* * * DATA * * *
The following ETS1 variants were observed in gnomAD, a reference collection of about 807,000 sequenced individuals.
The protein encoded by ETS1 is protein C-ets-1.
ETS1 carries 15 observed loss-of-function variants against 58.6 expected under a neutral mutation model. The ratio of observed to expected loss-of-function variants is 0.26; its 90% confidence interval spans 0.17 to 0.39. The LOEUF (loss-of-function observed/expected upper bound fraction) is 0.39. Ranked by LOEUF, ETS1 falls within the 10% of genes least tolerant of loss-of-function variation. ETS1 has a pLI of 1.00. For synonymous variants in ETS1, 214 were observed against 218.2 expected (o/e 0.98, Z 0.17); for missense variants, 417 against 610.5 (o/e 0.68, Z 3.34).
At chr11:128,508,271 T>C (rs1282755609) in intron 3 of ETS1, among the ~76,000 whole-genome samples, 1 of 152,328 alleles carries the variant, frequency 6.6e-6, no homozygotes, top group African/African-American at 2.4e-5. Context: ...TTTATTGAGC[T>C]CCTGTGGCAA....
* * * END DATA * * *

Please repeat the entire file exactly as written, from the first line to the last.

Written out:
The following ETS1 variants were observed in gnomAD, a reference collection of about 807,000 sequenced individuals.
The protein encoded by ETS1 is protein C-ets-1.
ETS1 carries 15 observed loss-of-function variants against 58.6 expected under a neutral mutation model. The ratio of observed to expected loss-of-function variants is 0.26; its 90% confidence interval spans 0.17 to 0.39. The LOEUF (loss-of-function observed/expected upper bound fraction) is 0.39. Ranked by LOEUF, ETS1 falls within the 10% of genes least tolerant of loss-of-function variation. ETS1 has a pLI of 1.00. For synonymous variants in ETS1, 214 were observed against 218.2 expected (o/e 0.98, Z 0.17); for missense variants, 417 against 610.5 (o/e 0.68, Z 3.34).
At chr11:128,508,271 T>C (rs1282755609) in intron 3 of ETS1, among the ~76,000 whole-genome samples, 1 of 152,328 alleles carries the variant, frequency 6.6e-6, no homozygotes, top group African/African-American at 2.4e-5. Context: ...TTTATTGAGC[T>C]CCTGTGGCAA....